Weekly View - Lift off!
Last Wednesday, the US Federal Reserve raised short-term rates (to a range of 0.25-0.50%) for the first time since late 2018 and promised to continue doing so throughout this year and next to bring consumer inflation down from an annual rate set to exceed 8%. Indeed, Fed officials are now pencilling in a fed funds rate of almost 2% by the end of this year. On top of this, Fed chairman Jerome Powell mentioned that the Fed is close to finalising plans to shrink its USD9 trn balance sheet. Despite these factors, plus the rise in Fed officials’ forecasts for inflation (they now see core inflation ending year at 4.1%) and the lowering of the Fed’s GDP growth forecast (from 4% to 2.8% in 2022), equity markets rallied strongly last week. True, market participants were able to latch unto apparent moves toward a peace deal between Russia and Ukraine and a drop in energy prices, but we should expect further bouts of volatility.
We received further evidence last week that the US is holding up relatively well, with February retail sales up 17.6% on the same month last year (whereas the ZEW survey of German economic sentiment fell to its lowest level ever). Yet markets’ concern that the Fed will derail the recovery by over-tightening policy can be seen in the flattening, and even inversion, of parts the US Treasury yield curve. Not all yield curve inversions lead to recessions, but all recessions have been led by inversions. At the very least, the US is rapidly moving into a late-cycle environment that will be particularly tricky to navigate, especially once the Fed actually starts to reduce its balance sheet.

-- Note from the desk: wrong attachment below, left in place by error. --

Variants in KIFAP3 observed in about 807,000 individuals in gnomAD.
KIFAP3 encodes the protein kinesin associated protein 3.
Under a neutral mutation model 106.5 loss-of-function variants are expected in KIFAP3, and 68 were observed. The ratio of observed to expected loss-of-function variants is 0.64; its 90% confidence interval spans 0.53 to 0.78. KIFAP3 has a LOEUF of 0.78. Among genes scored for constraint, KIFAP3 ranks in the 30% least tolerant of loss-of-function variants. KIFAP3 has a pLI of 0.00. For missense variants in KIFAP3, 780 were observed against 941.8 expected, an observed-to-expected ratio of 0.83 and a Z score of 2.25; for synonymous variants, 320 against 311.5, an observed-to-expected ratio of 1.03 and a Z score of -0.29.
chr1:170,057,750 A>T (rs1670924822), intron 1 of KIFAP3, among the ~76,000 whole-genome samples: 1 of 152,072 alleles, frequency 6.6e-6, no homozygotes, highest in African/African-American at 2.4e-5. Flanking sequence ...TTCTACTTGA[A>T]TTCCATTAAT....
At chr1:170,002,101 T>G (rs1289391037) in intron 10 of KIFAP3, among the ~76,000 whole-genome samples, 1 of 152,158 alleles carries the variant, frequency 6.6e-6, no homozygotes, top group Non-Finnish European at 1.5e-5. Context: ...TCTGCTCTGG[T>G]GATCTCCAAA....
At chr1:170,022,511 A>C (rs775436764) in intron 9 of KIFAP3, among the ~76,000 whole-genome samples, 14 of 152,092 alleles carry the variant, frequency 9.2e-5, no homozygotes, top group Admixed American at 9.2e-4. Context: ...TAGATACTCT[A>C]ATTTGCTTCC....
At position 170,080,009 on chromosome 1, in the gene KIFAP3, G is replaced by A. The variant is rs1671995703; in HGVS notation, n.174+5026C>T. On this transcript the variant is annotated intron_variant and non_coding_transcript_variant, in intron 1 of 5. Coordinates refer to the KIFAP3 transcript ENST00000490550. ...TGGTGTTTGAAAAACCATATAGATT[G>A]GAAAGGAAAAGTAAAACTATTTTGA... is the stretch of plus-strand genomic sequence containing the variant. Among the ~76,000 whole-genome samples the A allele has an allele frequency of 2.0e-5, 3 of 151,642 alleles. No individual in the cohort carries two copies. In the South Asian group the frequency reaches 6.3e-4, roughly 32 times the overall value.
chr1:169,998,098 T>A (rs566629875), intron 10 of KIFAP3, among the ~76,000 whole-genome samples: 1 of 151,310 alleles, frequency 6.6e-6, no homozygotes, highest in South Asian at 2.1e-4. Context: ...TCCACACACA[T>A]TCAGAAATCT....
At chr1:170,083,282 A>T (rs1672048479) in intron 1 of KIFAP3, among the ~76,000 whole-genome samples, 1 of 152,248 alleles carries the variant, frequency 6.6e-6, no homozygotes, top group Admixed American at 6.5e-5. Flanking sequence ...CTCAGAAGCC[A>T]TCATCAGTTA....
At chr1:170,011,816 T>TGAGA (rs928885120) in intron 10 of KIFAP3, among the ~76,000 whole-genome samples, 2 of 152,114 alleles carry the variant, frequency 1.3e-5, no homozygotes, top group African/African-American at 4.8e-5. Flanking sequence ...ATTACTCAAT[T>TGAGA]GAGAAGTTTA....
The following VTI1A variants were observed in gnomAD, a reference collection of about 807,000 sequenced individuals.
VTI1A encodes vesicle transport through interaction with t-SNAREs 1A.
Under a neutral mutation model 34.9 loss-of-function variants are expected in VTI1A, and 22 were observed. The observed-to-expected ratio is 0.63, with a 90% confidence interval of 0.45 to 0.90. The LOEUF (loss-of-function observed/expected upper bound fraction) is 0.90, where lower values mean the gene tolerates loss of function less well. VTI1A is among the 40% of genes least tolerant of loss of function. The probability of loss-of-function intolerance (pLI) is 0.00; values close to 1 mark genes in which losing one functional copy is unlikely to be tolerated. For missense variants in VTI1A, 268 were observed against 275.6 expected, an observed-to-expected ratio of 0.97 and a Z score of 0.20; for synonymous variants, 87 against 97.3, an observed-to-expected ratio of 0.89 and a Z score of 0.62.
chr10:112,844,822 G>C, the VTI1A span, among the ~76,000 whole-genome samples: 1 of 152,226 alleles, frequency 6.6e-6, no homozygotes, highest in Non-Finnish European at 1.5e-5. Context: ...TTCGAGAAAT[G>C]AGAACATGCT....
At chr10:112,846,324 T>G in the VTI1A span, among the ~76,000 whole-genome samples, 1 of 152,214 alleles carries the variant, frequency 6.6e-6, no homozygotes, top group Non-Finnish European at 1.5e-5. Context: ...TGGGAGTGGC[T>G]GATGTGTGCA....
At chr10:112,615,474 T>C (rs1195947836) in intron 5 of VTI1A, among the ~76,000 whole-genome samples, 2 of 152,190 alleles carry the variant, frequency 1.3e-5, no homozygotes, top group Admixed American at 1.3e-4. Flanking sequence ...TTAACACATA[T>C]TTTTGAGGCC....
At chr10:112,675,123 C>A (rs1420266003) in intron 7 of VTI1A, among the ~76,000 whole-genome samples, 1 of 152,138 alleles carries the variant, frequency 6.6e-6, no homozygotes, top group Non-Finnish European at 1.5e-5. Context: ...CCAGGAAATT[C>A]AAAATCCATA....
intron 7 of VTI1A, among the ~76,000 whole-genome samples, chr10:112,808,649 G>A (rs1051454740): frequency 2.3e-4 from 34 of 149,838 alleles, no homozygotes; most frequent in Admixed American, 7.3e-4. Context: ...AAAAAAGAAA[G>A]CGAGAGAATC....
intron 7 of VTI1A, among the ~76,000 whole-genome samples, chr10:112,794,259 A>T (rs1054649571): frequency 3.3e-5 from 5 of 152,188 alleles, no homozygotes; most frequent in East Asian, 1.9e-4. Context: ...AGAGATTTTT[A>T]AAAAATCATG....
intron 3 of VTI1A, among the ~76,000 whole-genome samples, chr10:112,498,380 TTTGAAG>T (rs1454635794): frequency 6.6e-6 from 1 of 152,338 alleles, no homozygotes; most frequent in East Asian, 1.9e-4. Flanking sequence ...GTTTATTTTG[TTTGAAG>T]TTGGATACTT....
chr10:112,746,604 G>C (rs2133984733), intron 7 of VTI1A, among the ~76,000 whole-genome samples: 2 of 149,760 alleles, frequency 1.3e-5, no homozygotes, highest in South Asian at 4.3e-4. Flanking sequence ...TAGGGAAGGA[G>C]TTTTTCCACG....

Chinese markets focused on promises from Liu He, China’s top economic official, that unspecified market-friendly measures were coming. No doubt the authorities will roll out further economic stimulus to ensure the Chinese economy reaches the official 5.5% growth target this year, but China faces many challenges. Not only is it facing a flare-up in covid cases, but the property sector remains mired in difficulties, credit growth has been waning and household spending shows signs of fragility. We remain negative on Chinese equities for the moment. But while Beijing faces domestic challenges, reports that Saudi Arabia is edging closer to accepting the yuan as payment for oil shipments to China could provide another indication that the reserve status of the dollar could be challenged.